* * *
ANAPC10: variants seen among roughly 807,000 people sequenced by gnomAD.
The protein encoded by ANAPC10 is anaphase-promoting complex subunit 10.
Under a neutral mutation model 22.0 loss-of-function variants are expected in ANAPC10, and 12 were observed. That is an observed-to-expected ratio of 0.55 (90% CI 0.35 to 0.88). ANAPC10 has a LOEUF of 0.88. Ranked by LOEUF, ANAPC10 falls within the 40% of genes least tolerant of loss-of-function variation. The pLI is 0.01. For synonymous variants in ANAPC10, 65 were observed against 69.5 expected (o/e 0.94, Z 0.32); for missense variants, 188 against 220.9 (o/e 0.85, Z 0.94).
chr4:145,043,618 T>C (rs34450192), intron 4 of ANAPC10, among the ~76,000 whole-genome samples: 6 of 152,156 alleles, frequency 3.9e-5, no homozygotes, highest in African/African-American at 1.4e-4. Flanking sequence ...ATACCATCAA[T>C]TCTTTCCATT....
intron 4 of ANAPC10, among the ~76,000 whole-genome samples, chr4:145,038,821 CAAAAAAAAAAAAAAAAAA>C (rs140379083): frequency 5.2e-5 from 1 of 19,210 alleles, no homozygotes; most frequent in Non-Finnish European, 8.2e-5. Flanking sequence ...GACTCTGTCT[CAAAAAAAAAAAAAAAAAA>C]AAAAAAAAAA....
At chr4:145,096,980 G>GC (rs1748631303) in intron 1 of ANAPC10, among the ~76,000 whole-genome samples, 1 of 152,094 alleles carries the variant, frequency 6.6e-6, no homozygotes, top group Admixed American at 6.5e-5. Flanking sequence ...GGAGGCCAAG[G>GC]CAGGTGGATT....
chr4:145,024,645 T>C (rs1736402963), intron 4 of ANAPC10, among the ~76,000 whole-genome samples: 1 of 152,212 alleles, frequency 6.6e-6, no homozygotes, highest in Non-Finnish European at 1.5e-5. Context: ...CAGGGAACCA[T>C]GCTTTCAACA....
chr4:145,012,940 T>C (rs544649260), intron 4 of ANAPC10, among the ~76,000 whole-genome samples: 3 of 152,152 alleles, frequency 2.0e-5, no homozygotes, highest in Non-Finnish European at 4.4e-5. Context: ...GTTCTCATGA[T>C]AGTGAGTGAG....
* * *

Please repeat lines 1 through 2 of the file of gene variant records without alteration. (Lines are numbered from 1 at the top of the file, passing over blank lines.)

ANAPC10: variants seen among roughly 807,000 people sequenced by gnomAD.
The protein encoded by ANAPC10 is anaphase-promoting complex subunit 10.